The prudent warrior Julius Caesar said, For lack of training they lacked knowledge, for lack of knowledge they lacked confidence, for lack of confidence they lacked victory.

Thus, training and the imparting of knowledge to build and sustain confidence is vital. This aura of consistent training still prevails at the NMA. The Naval & Maritime Academy recently celebrated its golden jubilee.

Located at Trincomalee, within the jurisdiction of the Eastern Naval Command, the Academy has sailed steadily to success, overcoming many challenges. Today, the NMA has grown to have 22 specialized schools of learning, including, the OTW- Officer Training Wing which takes in officer cadets and ensures that they pass out as Sub- Lieutenants. Sailors also learn their trade here in 3 phases during their service in the Navy. The massive complex which can train 2,000 personnel, occupies a large extent of land within an overall land area of 850 acres, where the Ostenburg Fort once stood in her days of maritime glory.

As I entered the NMA archway there were cadets going to class. One of the first things that struck me was the role of the faithful Quarter Master. This sailor is the guardian of the officer under trainees, as he carefully makes note of the movements of every batch of trainees. The Quarter Master also provides another crucial task of ringing the bell, which denotes the various activities within the Academy.

Formation of NMA

In 1951, a naval training camp was established in the salubrious hills of Diytalawa. The camp was commissioned as HMCyS Rangalla; its first officer in charge was Lieutenant Proctor. It is believed that this name came from the hill Rahangala, which overlooked the camp. Its primary focus was recruit training. In 1963, the camp was relocated to Kochchikade. Later in 1965, a seaman training camp was set up in Trincomalee named HMCys Parakrama. In July 1967, the Naval and Maritime Academy was commissioned with its first commandant being Commander MGS Perera. He was a dynamic man with innovative and strategic thinking who set a solid foundation for the Academy. M.G.S Perera at that time held a Licentiate in Mechanical Engineering, and served as a Petty Officer before being commissioned as a Lieutenant. As an instructor his greatest competence was being able to relate to the level of a student’s intelligence. He worked with dedication to set up the Academy within a challenging time period of 18 months. At this stage the Academy had only five departments: Nautical, Engineering, Electrical, Communications and Supply.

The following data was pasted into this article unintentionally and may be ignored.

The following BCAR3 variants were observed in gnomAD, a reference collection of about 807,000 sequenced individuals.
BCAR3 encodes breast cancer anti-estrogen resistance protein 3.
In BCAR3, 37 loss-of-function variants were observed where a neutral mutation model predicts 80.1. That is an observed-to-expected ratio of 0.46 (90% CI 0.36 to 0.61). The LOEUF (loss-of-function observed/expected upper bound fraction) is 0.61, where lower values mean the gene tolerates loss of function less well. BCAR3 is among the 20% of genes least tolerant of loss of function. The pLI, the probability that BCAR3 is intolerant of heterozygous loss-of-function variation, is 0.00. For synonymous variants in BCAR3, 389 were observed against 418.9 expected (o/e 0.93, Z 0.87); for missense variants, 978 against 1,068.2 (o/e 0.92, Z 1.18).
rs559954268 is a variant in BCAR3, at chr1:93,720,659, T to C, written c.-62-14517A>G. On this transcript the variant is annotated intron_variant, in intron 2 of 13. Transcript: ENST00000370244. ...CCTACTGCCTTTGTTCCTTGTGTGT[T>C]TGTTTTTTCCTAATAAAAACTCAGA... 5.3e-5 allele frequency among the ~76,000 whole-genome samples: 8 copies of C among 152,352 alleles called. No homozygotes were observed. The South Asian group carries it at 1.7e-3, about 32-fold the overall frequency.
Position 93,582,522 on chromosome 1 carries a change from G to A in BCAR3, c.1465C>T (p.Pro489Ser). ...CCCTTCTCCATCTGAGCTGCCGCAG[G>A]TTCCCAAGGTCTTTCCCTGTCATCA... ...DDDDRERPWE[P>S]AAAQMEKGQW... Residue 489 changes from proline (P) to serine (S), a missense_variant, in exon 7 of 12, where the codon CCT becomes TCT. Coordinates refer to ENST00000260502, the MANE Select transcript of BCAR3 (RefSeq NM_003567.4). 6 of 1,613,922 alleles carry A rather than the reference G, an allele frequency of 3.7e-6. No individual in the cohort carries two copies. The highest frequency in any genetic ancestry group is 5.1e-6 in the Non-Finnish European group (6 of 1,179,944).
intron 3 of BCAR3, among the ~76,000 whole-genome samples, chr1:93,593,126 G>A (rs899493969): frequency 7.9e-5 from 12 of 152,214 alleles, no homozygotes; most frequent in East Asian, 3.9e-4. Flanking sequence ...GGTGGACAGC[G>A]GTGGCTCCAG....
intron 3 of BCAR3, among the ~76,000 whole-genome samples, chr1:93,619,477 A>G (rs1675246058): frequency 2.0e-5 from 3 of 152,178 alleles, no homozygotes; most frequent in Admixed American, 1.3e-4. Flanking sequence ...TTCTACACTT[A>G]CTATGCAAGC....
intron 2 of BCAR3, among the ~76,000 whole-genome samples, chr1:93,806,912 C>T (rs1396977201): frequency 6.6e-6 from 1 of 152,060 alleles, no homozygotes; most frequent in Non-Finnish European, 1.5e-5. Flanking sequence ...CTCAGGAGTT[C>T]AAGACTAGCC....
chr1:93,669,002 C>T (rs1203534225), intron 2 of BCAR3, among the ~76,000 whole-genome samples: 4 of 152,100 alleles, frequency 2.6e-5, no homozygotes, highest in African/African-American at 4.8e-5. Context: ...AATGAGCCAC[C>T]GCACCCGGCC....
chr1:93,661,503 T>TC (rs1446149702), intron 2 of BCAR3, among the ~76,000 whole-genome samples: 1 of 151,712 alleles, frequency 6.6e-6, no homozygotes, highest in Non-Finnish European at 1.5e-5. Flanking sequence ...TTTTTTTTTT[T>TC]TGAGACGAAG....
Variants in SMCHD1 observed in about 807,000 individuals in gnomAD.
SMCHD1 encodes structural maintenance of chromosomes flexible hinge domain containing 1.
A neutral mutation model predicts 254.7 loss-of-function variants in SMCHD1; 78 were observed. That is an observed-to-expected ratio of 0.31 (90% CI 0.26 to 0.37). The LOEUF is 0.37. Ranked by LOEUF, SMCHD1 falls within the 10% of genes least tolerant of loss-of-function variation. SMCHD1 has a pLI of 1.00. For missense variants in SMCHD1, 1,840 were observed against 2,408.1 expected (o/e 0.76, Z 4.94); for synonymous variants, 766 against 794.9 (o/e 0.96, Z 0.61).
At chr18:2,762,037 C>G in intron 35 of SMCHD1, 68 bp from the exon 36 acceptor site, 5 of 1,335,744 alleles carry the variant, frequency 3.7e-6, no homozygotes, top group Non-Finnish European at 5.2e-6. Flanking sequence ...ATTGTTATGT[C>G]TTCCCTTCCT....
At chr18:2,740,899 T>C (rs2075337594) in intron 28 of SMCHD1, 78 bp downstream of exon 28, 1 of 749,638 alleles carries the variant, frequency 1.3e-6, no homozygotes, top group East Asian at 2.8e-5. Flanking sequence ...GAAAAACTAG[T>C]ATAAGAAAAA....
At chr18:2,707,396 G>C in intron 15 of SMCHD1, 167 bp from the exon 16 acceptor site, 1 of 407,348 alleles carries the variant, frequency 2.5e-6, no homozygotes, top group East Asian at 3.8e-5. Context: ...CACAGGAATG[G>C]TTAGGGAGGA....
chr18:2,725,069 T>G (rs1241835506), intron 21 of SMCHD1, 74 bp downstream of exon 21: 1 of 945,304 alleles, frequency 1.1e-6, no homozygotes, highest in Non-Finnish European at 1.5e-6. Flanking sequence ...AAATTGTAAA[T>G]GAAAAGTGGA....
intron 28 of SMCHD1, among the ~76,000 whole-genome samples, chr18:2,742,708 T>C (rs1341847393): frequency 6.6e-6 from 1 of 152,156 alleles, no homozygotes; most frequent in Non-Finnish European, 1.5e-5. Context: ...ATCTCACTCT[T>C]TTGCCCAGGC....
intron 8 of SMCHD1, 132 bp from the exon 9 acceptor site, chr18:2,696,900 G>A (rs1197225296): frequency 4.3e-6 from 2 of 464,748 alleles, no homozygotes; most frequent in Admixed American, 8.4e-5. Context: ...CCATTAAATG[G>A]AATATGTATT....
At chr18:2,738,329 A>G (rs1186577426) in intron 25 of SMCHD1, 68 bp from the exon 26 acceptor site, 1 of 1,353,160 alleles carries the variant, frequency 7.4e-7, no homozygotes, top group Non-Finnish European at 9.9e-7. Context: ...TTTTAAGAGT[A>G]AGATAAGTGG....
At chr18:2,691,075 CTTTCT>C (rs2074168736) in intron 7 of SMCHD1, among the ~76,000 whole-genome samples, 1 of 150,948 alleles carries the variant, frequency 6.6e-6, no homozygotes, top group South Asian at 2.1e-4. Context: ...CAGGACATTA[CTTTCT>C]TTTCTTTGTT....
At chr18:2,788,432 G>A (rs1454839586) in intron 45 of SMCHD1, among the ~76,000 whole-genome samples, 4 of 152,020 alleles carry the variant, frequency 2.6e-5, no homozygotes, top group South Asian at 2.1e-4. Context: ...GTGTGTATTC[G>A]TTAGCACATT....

For 23 years Commander Perera served the Navy inspiring officers and sailors. He retired as Director Naval Training. Even today, his name is spoken with reverence among the instructors. Before the setting up of the NMA officer cadets were sent to the Britannia Royal College, Dartmouth, UK. The motto of the Academy is “The disciplined are the noblest of men”. Today, the NMA has received ISO certification. As I gazed at the photos of former commandants of this magnificent Academy I was able to observe the names of those who rose to command the Navy: H. A. Silva, W.W.E. Clancy Fernando, H. A. C.Tissera, D.W.K Sandagiri, W.K.J. Karannagoda, R.C.Wijegunaratne, T. J. L. Sinniah and S. S. Ranasinghe.